Six months ago in Paris, almost 200 Governments committed for the first time to a universal agreement that would tackle climate change, promising to reduce the use of fossil fuels and increase the use of renewable energy.
The EU proudly claims it has “been at the forefront of international efforts towards a global climate deal” 1. However, a leak of the European Commission (EC) proposal for a chapter on Energy and Raw materials in the Transatlantic Trade and Investment Partnership (TTIP) presented on 20 June 2016 to the European Council, shows that the EC is promoting unrestricted trade in fossil fuels while working to restrict the implementation of clean energy policies.
The EU demands that TTIP “must” include “a legally binding commitment to eliminate all existing restrictions on the export of natural gas in trade between” the U.S. and EU. Liquefied Natural Gas (LNG) is a fossil fuel with high climate emissions. Under this proposal, TTIP would lead to an increase in the export of LNG from the US to the EU 2, expanding in this way the dependency on fossil fuels and undermining the energy transition needed to meet greenhouse gas (GHG) emissions reduction targets set by the EU.
The EU’s proposal could also undermine efforts to increase the use of renewable energy. The EU actively supports EU states' intervention to stimulate renewable energy 3. Yet, their TTIP proposal prevents positive discrimination in favour of clean energy when it states that electricity utilities shall not discriminate “between types of energy” in granting access to the electrical grid.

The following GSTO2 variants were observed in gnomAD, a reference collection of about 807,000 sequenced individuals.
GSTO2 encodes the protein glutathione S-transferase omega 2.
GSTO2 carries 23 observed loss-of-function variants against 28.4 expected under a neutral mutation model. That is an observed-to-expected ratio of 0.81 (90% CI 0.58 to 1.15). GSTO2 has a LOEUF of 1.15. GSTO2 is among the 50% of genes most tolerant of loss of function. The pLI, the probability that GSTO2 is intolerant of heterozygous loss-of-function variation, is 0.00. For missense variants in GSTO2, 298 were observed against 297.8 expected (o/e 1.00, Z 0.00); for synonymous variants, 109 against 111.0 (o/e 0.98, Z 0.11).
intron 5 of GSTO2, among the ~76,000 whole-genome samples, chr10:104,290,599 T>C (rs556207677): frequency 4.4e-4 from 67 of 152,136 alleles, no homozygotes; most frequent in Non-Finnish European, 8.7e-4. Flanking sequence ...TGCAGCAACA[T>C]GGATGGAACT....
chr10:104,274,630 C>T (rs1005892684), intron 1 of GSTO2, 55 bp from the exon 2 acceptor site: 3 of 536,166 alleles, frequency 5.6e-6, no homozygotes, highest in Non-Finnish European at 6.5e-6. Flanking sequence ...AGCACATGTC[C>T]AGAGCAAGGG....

Through this document, the EU promotes industry “self-regulation” by corporations on energy efficiency, as opposed to mandatory requirements. The EU also proposes the establishment of a “Working Group for Energy and Raw Materials” that would institutionalise lobbying opportunities for fossil fuel corporations and could provide industry representatives an express route to use TTIP rules as a way to push back policies which restrict trade or investment in fossil fuels.
This leak exposes how trade deals such as TTIP would help entrench fossil fuel dependency and impair efforts to tackle global warming.
“Despite the lofty rhetoric heard at Paris, this leak of the backdoor secretive dealings of the EU and US shows that trade and corporate interests always trumps climate action. In the face of an ever worsening climate crisis, we urgently need trade deals that put climate and people first”, said Cecilia Olivet, researcher on trade and investment at the Transnational Institute.
"This text looks like it has been drafted with the main purpose of safeguarding the interests of industry, and the producers and consumers of fossil fuels. Instead of including text that would help to ensure that climate targets can be met, as we had hoped, this text will only make it more difficult to reach the needed energy transition" said Burghard Ilge, Senior policy officer at Both ENDS.
2. The EU is already the world’s third-largest importer of LNG